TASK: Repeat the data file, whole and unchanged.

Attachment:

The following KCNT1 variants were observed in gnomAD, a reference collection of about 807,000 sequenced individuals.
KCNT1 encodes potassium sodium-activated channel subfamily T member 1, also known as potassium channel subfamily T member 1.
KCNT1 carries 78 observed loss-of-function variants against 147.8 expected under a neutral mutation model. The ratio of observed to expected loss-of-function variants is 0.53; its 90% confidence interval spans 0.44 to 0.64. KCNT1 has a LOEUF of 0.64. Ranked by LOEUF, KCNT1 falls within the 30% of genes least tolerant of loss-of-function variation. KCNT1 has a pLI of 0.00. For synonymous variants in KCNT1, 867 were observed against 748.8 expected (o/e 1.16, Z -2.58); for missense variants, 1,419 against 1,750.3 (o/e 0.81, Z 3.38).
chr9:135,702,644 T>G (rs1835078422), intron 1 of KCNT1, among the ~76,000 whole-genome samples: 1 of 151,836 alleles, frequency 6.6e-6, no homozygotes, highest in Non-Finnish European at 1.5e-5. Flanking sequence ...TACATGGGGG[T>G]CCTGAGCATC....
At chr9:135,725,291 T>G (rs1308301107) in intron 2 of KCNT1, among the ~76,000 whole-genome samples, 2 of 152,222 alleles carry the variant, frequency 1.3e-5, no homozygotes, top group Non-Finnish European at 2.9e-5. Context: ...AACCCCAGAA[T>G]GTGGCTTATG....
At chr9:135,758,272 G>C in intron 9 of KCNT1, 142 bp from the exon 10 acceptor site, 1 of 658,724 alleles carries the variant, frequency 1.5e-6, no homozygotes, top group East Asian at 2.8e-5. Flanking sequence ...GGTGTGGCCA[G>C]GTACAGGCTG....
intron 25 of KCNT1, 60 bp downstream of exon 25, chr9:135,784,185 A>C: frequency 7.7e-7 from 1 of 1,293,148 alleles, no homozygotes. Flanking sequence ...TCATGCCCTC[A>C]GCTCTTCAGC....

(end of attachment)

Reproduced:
The following KCNT1 variants were observed in gnomAD, a reference collection of about 807,000 sequenced individuals.
KCNT1 encodes potassium sodium-activated channel subfamily T member 1, also known as potassium channel subfamily T member 1.
KCNT1 carries 78 observed loss-of-function variants against 147.8 expected under a neutral mutation model. The ratio of observed to expected loss-of-function variants is 0.53; its 90% confidence interval spans 0.44 to 0.64. KCNT1 has a LOEUF of 0.64. Ranked by LOEUF, KCNT1 falls within the 30% of genes least tolerant of loss-of-function variation. KCNT1 has a pLI of 0.00. For synonymous variants in KCNT1, 867 were observed against 748.8 expected (o/e 1.16, Z -2.58); for missense variants, 1,419 against 1,750.3 (o/e 0.81, Z 3.38).
chr9:135,702,644 T>G (rs1835078422), intron 1 of KCNT1, among the ~76,000 whole-genome samples: 1 of 151,836 alleles, frequency 6.6e-6, no homozygotes, highest in Non-Finnish European at 1.5e-5. Flanking sequence ...TACATGGGGG[T>G]CCTGAGCATC....
At chr9:135,725,291 T>G (rs1308301107) in intron 2 of KCNT1, among the ~76,000 whole-genome samples, 2 of 152,222 alleles carry the variant, frequency 1.3e-5, no homozygotes, top group Non-Finnish European at 2.9e-5. Context: ...AACCCCAGAA[T>G]GTGGCTTATG....
At chr9:135,758,272 G>C in intron 9 of KCNT1, 142 bp from the exon 10 acceptor site, 1 of 658,724 alleles carries the variant, frequency 1.5e-6, no homozygotes, top group East Asian at 2.8e-5. Flanking sequence ...GGTGTGGCCA[G>C]GTACAGGCTG....
intron 25 of KCNT1, 60 bp downstream of exon 25, chr9:135,784,185 A>C: frequency 7.7e-7 from 1 of 1,293,148 alleles, no homozygotes. Flanking sequence ...TCATGCCCTC[A>C]GCTCTTCAGC....